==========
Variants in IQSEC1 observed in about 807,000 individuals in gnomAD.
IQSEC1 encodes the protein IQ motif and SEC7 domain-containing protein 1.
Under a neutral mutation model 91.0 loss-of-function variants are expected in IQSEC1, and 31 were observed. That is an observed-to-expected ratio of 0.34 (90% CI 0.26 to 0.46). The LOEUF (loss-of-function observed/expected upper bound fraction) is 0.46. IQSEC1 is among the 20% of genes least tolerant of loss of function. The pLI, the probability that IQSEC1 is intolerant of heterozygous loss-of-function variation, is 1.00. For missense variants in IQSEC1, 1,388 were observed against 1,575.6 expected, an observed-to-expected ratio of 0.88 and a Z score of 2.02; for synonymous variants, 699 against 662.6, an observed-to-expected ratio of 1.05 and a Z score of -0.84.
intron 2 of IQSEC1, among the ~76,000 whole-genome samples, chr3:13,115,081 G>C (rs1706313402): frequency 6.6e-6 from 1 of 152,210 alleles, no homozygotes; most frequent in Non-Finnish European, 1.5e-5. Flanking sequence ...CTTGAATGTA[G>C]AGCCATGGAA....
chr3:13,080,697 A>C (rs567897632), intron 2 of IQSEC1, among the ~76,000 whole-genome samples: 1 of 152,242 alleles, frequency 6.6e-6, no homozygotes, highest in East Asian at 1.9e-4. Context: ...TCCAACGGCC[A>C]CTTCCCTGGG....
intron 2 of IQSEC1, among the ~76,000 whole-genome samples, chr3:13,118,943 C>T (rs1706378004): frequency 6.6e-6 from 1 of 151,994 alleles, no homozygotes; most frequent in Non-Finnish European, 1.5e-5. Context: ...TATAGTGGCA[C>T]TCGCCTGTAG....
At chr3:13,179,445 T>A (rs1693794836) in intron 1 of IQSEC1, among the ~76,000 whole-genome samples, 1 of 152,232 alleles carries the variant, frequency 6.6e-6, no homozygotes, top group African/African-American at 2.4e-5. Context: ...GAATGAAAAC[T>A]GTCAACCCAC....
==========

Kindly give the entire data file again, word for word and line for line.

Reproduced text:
Variants in IQSEC1 observed in about 807,000 individuals in gnomAD.
IQSEC1 encodes the protein IQ motif and SEC7 domain-containing protein 1.
Under a neutral mutation model 91.0 loss-of-function variants are expected in IQSEC1, and 31 were observed. That is an observed-to-expected ratio of 0.34 (90% CI 0.26 to 0.46). The LOEUF (loss-of-function observed/expected upper bound fraction) is 0.46. IQSEC1 is among the 20% of genes least tolerant of loss of function. The pLI, the probability that IQSEC1 is intolerant of heterozygous loss-of-function variation, is 1.00. For missense variants in IQSEC1, 1,388 were observed against 1,575.6 expected, an observed-to-expected ratio of 0.88 and a Z score of 2.02; for synonymous variants, 699 against 662.6, an observed-to-expected ratio of 1.05 and a Z score of -0.84.
intron 2 of IQSEC1, among the ~76,000 whole-genome samples, chr3:13,115,081 G>C (rs1706313402): frequency 6.6e-6 from 1 of 152,210 alleles, no homozygotes; most frequent in Non-Finnish European, 1.5e-5. Flanking sequence ...CTTGAATGTA[G>C]AGCCATGGAA....
chr3:13,080,697 A>C (rs567897632), intron 2 of IQSEC1, among the ~76,000 whole-genome samples: 1 of 152,242 alleles, frequency 6.6e-6, no homozygotes, highest in East Asian at 1.9e-4. Context: ...TCCAACGGCC[A>C]CTTCCCTGGG....
intron 2 of IQSEC1, among the ~76,000 whole-genome samples, chr3:13,118,943 C>T (rs1706378004): frequency 6.6e-6 from 1 of 151,994 alleles, no homozygotes; most frequent in Non-Finnish European, 1.5e-5. Context: ...TATAGTGGCA[C>T]TCGCCTGTAG....
At chr3:13,179,445 T>A (rs1693794836) in intron 1 of IQSEC1, among the ~76,000 whole-genome samples, 1 of 152,232 alleles carries the variant, frequency 6.6e-6, no homozygotes, top group African/African-American at 2.4e-5. Context: ...GAATGAAAAC[T>A]GTCAACCCAC....